The objectives of this study were to investigate the psychometric properties of the Sleep Hygiene Index (SHI) and determine its capacity to screen for poor sleep quality in a nonclinical sample of Nigerian university students.
A total of 348 students appropriately completed the SHI, the Morningness-Eveningness Questionnaire (MEQ), the Pittsburgh Sleep Quality Index (PSQI), and the Epworth Sleepiness Scale (ESS).
The internal consistency (Cronbach alpha) of the SHI was .64 and its construct validity was modestly satisfactory. It had a significant negative correlation with the MEQ (r = −.170, P < .001) and positive correlations with global PSQI (r = .289, P < .001) and ESS (r = .219, P < .001) scores. Prior to the factor analysis, our sample was randomly divided into two. In one half of the sample (sample 1), exploratory factor analysis of the SHI items yielded a three-factor model. Confirmatory factor analysis on the other half (sample 2) corroborated this model with satisfactory indices of fitness (c2 = 67.805; df = 55; c2/df = 1.233; P = .115; goodness of fit index = .943; Tucker-Lewis index = .958; incremental fit index = .972; comparative fit index = .970; root mean square error of approximation = .037). A cutoff total score of 16 on the SHI had the best sensitivity (77.0%) and specificity (47.5%) to identify students who were categorized as experiencing poor sleep quality, according to the PSQI (area under the curve = 0.65, 95% confidence interval = 0.59–0.71).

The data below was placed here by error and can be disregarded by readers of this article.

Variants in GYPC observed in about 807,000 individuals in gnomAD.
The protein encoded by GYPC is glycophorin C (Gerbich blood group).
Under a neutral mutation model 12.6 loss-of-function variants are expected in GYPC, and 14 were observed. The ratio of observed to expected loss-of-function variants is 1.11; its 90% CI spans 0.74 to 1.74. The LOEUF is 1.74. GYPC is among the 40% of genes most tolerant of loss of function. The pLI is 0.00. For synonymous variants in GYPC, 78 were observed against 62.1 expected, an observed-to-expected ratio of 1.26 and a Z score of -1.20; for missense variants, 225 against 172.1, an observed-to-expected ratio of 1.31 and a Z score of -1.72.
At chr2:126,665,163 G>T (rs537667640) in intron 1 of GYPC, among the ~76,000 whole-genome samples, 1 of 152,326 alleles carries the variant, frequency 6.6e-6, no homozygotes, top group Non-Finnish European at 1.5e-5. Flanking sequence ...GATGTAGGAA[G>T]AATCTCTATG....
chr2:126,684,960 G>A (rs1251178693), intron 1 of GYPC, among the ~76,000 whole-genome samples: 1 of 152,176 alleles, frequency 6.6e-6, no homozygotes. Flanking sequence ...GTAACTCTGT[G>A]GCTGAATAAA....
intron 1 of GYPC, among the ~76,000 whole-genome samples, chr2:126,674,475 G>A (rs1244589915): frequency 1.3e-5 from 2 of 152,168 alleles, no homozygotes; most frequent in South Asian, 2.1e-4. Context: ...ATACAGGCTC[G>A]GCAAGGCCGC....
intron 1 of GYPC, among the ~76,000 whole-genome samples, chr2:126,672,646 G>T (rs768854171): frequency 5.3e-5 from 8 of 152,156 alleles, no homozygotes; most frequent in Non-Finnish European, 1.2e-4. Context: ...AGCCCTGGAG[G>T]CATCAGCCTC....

The SHI exhibited satisfactory psychometric properties as a self-rated assessment instrument in the evaluation of sleep hygiene and as a screening instrument for poor sleep quality among Nigerian undergraduate students.
Seun-Fadipe CT, Aloba OO, Oginni OA, Mosaku KS. Sleep hygiene index: psychometric characteristics and usefulness as a screening tool in a sample of nigerian undergraduate students. J Clin Sleep Med. 2018;14(8):1285–1292.